@SynCaine – My wife is in real estate and the contracts for these deals can encumber your property, making it more difficult to sell. Or so I am told. I am also suspicious of anything out of Tesla that sounds too good. I can easily imagine them jacking up the prices to cover short falls elsewhere. So I don’t see it as free money so much as an incentive to get entangled with a company whose financials do not justify their market valuation. But I live in Silicon Valley and have been suspicious since Netscape went public when its business was primarily free web browsers. (We were supposed to pay for Navigator eventually, but I never did.)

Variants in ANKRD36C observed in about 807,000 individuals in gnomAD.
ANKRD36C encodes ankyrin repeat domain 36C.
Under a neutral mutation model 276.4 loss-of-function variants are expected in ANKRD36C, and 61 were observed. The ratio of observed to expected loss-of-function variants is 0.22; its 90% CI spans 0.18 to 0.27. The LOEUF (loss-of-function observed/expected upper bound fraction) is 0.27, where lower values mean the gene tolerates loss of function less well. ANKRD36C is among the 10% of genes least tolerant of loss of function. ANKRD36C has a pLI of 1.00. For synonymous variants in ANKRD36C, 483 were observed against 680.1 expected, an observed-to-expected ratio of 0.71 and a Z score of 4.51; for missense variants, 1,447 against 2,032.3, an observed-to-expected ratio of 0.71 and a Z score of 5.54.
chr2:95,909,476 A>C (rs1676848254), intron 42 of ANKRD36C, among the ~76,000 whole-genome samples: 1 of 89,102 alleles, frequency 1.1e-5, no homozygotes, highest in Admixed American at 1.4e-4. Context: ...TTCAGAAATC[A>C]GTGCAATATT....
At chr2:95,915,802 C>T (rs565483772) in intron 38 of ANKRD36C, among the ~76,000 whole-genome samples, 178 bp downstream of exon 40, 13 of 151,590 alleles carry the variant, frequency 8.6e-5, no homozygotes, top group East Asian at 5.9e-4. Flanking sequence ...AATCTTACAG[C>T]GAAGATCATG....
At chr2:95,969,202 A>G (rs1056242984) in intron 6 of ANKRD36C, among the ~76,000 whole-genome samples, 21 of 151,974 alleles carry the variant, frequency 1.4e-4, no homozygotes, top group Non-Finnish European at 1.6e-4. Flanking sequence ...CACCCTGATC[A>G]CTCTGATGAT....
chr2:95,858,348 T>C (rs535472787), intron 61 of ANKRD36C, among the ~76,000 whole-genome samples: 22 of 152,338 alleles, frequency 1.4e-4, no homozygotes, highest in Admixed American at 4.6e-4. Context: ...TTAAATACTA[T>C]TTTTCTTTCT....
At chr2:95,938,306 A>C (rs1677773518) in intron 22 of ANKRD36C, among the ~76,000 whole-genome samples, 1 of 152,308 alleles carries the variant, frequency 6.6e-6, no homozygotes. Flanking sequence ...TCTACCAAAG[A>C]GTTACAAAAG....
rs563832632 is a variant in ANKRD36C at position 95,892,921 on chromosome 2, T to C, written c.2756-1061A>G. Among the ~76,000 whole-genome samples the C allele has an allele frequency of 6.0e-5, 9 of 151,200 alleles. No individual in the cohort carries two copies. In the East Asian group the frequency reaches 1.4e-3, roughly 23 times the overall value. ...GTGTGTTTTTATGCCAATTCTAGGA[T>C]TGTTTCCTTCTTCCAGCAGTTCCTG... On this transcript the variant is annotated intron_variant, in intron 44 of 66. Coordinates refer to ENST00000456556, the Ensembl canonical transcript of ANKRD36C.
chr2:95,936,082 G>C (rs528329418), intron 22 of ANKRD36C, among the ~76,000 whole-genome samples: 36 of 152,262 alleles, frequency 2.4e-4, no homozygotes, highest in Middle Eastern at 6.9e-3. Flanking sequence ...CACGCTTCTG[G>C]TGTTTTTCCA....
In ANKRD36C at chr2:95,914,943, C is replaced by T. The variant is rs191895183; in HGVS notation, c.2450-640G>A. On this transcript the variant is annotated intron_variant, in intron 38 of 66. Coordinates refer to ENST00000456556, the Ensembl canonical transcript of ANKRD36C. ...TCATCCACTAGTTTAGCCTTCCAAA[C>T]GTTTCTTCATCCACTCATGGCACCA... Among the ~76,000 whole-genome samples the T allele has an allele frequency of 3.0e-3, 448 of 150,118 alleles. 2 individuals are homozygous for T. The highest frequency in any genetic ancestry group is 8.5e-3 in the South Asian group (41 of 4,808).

10. SynCaine

    I heard the same fear mongering back before we had panels on our first house. 3 house later its never been an issue, either in selling or with Tesla to install or manage. Meanwhile we have been paying half the normal rate for electricity this entire time.

    Its free money.

    Tesla makes money because they still get to sell you the sun shining on your house.


  11. SynCaine

    Tesla isn’t the only option around here, so guessing in your area there are other companies doing a similar program. We have always had central air, so our bills are likely a lot higher than what you have. How you live without central ac is another discussion.


  12. Wilhelm Arcturus Post author